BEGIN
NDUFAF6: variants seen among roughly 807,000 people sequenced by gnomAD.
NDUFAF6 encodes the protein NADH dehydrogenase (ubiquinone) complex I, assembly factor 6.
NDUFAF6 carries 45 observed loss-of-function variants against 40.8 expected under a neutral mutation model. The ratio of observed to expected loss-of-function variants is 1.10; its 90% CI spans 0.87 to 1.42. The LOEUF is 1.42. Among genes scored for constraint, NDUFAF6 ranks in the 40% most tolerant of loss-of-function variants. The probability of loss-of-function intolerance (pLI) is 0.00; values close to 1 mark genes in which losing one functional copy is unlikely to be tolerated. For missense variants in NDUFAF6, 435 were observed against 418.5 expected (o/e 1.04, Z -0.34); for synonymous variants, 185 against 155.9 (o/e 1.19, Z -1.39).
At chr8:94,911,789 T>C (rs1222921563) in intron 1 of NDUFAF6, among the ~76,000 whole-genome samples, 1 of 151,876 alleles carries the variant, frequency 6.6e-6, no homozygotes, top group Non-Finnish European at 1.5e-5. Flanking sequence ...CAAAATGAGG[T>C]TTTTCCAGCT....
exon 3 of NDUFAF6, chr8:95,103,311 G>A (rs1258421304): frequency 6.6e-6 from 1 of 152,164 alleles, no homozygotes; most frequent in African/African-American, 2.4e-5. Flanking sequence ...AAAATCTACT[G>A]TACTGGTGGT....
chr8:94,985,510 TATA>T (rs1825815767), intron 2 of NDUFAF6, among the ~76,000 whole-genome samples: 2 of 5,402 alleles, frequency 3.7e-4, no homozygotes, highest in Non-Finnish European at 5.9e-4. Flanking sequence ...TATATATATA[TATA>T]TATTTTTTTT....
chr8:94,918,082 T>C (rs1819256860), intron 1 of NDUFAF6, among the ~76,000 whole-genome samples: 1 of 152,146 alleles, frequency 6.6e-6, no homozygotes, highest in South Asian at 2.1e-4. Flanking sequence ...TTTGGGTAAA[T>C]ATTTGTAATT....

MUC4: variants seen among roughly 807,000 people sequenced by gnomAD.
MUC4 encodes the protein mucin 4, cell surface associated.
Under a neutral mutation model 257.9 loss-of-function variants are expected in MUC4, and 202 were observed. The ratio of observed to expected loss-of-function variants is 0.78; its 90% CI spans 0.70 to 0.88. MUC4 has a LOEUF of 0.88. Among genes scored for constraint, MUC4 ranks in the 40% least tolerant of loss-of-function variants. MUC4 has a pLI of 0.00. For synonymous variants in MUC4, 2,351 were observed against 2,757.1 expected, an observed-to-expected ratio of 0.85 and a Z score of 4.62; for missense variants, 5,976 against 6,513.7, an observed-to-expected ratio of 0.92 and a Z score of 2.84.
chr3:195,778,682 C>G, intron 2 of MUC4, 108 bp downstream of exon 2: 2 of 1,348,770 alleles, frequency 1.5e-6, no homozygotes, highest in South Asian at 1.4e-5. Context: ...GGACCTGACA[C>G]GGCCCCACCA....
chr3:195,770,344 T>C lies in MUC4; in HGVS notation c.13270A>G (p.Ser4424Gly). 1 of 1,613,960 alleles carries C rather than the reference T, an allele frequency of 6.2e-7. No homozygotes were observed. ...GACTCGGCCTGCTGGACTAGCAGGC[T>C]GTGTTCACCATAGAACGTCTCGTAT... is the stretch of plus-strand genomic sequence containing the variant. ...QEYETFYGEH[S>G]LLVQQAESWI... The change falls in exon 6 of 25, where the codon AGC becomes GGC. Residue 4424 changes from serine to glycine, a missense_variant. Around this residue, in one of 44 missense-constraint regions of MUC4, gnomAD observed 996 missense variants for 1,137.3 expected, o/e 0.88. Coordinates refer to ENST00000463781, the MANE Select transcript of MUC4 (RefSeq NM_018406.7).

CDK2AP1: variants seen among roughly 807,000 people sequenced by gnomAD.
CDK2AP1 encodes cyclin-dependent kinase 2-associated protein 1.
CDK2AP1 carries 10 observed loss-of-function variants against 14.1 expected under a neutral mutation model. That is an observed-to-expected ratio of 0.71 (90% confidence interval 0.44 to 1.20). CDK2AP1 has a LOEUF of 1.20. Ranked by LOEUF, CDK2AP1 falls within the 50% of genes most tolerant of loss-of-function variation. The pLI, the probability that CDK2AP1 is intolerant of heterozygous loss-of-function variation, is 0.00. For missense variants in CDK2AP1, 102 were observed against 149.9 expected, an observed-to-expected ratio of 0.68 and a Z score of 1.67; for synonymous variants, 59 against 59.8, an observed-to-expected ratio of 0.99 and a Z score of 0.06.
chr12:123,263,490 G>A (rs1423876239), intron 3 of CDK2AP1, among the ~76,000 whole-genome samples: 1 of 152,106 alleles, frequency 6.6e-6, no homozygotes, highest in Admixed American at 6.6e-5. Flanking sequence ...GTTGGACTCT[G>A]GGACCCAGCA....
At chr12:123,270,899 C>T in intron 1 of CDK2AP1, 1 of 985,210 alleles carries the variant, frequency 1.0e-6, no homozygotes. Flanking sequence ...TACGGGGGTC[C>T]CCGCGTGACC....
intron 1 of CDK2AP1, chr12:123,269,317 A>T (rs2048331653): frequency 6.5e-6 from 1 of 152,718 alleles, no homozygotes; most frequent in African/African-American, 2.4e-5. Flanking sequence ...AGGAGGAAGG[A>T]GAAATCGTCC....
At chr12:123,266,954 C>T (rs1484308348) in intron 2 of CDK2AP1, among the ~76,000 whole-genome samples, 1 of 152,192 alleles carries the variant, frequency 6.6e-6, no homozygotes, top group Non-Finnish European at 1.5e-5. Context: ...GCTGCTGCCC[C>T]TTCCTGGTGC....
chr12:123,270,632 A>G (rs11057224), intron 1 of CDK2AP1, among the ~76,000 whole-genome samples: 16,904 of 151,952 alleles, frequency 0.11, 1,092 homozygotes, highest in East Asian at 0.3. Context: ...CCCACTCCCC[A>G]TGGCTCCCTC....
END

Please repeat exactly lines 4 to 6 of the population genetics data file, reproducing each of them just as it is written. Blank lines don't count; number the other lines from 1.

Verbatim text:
At chr8:94,911,789 T>C (rs1222921563) in intron 1 of NDUFAF6, among the ~76,000 whole-genome samples, 1 of 151,876 alleles carries the variant, frequency 6.6e-6, no homozygotes, top group Non-Finnish European at 1.5e-5. Flanking sequence ...CAAAATGAGG[T>C]TTTTCCAGCT....
exon 3 of NDUFAF6, chr8:95,103,311 G>A (rs1258421304): frequency 6.6e-6 from 1 of 152,164 alleles, no homozygotes; most frequent in African/African-American, 2.4e-5. Flanking sequence ...AAAATCTACT[G>A]TACTGGTGGT....
chr8:94,985,510 TATA>T (rs1825815767), intron 2 of NDUFAF6, among the ~76,000 whole-genome samples: 2 of 5,402 alleles, frequency 3.7e-4, no homozygotes, highest in Non-Finnish European at 5.9e-4. Flanking sequence ...TATATATATA[TATA>T]TATTTTTTTT....